“You’re going to have helicoptering hammers flying directly at the pitchers. I’ll bet my company on the fact that you’re going to see pitchers not impaled, but knocked out by these things.”

-Bat manufacturer Romeo Filip, on the risks posed by MLB
recommendations on how to build bats.

“How many bats have you made in your lifetime, Krasik? How many maple, ash, or yellow birch billets have [you] sorted for quality? How many custom orders have you processed and hand delivered to the players? The answer is zero. Zero, like the amount of information you have on bat making.”

Filip, in a letter to Roy Krasik, MLB’s point man the on the maple bat controversy.

“We were one of the people they were able to beat. You kick somebody enough times, they’re going to fight. But when there are 20 bullies on you, and they’re all kicking you in the face, you’re gonna stop.”

Filip, on the difficulty of being a lone operator competing with the big bat companies and MLB.

“These people don’t deserve us. These entities doing their best to stomp us out don’t deserve our ability, our expertise, our loyalty to their players. If they want a bad product and want to threaten the integrity of the game by making it more dangerous, that’s on their conscience.”

Filip (Jeff Passan, Yahoo! Sports)


“There was no way of knowing at the time that he would be our next president. The odds, I think, were so long. He was still so new to the political scene, a young, really almost untethered politician. He didn’t owe a lot to people. He just said he was committed to serving the country. That’s when he started down that road.”

-Former outfielder Dave Winfield, on the new US president.

“It’s clear that there are a lot of talented players not signed, but hopefully there will be a competitive market that will still develop for these players. I’d be surprised if it didn’t develop.”

Donald Fehr, President of the MLB Player’s Association, on the legion of unsigned free agents. (Nick Cafardo, Boston Globe)

“I know that I deserved what I got, and that 100 percent, I was wrong. I was involved with people that, 100 percent, I shouldn’t have been involved with. Those people that I was involved with aren’t going to get suspensions from baseball. Those people can get in trouble with the law and the government. My suspension was a lot less harsh of a punishment than they could have received. I definitely learned to choose who I hang around with and who I trust.”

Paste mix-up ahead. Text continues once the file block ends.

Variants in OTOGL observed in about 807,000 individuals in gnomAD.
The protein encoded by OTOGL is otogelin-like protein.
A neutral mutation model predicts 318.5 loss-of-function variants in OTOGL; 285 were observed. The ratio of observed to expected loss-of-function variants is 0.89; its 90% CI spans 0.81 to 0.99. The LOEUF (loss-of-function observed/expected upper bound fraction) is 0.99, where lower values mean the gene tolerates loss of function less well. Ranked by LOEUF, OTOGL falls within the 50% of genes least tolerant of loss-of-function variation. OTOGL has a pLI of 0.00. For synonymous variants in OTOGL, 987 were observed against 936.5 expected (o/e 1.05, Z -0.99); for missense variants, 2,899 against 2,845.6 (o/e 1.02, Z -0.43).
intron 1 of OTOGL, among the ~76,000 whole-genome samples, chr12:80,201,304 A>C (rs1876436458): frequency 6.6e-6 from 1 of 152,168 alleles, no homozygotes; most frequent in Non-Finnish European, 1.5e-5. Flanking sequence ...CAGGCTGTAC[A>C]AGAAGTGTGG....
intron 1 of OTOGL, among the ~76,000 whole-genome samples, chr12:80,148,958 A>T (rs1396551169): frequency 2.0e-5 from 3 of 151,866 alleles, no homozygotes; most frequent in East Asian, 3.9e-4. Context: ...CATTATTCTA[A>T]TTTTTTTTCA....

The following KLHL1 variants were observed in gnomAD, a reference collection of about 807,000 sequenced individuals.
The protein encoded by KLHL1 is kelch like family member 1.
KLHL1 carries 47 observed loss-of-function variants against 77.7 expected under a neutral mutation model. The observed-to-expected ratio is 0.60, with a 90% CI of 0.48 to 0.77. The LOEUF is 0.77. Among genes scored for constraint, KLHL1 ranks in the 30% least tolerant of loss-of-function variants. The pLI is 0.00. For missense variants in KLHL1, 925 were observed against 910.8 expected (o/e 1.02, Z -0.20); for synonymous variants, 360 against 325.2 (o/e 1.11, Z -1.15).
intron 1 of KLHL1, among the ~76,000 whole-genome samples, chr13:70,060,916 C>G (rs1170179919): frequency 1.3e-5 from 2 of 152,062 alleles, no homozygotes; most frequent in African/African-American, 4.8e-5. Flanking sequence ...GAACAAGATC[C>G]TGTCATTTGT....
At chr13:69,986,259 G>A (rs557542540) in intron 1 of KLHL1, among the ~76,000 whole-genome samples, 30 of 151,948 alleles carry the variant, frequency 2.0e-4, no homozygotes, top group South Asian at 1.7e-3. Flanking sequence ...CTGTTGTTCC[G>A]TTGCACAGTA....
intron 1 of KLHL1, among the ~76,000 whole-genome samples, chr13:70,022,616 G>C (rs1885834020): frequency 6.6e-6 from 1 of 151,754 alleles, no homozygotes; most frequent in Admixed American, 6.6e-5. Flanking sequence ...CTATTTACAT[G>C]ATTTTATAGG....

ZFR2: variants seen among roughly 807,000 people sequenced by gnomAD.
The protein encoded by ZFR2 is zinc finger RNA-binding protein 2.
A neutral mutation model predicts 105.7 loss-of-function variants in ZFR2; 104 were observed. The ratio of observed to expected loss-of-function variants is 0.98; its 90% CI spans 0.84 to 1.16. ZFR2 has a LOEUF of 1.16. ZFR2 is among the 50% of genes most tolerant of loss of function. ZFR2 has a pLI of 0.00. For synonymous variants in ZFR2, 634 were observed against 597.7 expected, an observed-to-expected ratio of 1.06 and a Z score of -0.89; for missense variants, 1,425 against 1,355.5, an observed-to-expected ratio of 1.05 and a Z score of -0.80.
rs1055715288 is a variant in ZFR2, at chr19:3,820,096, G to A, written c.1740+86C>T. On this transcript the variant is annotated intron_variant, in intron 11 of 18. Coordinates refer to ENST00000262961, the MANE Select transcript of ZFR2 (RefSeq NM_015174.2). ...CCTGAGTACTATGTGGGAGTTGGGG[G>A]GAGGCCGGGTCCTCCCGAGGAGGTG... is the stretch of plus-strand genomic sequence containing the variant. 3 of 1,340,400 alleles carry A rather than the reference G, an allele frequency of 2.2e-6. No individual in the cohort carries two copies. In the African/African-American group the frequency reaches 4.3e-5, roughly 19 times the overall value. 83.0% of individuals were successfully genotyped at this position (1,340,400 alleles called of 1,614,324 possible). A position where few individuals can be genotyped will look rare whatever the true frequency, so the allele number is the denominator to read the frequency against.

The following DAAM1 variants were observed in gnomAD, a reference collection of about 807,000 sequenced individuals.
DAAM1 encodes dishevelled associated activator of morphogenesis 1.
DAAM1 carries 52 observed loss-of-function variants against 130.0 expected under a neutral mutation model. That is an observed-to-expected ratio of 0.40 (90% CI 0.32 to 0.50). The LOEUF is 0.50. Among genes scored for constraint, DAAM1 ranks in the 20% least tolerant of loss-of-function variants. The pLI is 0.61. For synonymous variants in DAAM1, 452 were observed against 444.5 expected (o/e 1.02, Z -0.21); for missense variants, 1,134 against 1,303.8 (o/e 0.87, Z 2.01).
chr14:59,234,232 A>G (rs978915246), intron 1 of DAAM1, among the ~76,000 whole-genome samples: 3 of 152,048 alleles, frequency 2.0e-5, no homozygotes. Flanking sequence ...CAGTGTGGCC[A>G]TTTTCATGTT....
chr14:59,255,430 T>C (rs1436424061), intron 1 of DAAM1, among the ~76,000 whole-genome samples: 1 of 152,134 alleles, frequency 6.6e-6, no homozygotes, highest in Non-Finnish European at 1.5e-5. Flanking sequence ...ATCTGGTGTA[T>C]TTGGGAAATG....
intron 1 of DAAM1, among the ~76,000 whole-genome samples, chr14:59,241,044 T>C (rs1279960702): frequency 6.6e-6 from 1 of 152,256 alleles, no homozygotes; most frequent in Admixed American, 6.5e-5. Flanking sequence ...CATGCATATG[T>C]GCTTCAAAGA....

Braves prospect Jordan Schafer, on getting caught for using HGH. (

“I’ve heard from some fans about their frustration over the lack of success on the field. One of the things I felt I needed to do when I first came here-and there are some people I haven’t quite convinced yet-I had to dispel the notion that we can’t win because our league doesn’t have a salary cap. That’s hogwash. I couldn’t say that 10 years ago. But I have evidence that it’s hogwash.”

Pirates CEO Frank Coonelly (Murray Chass,

“First, I’d rather live in my world then yours … is it sunny out today? No you’re right, it is 30-something degrees, my girlfriend dumped me, and my car won’t start. First, it is not that we stink (unless you ask yourself these questions in the mirror). We make decisions based on scouts, stats, and other information. If we thought Greene was going to hit .213 we would not, I repeat, not make the deal. Go back to your world, and I hope by midsummer you’re ready to come out for air.”

Cardinals general manager John Mozeliak, during a chat on St. Louis Today. (Bernie Miklasz,

Alex Carnevale is a contributor to Baseball Prospectus.

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\"Our club is built a lot different this year\" Yup, we\'re built to score fewer runs, lets see how that works out.
He\'s trying to sell the cheap and ignorant owner\'s half-assed product. Light a candle for the man.
He knew exactly what he was getting into when he forced wayne krivsky out. He get\'s no sympathy from me.
And: \"I\'m more concerned with getting guys who will drive in runs and hit in clutch situations.\" Apparently he has found the magic formula to predict who those players will be. If he has that kind of success predicting random outcomes, I would imagine that his future in speculation and/or gambling is sky-high.
Is there some context for the bat manufacturer\'s comments?
If you click on the Yahoo! Sports link at the end of that section of the quotes, it will take you to the full article.
Did he just cite Alex Gonzalez as a power source? Yikes.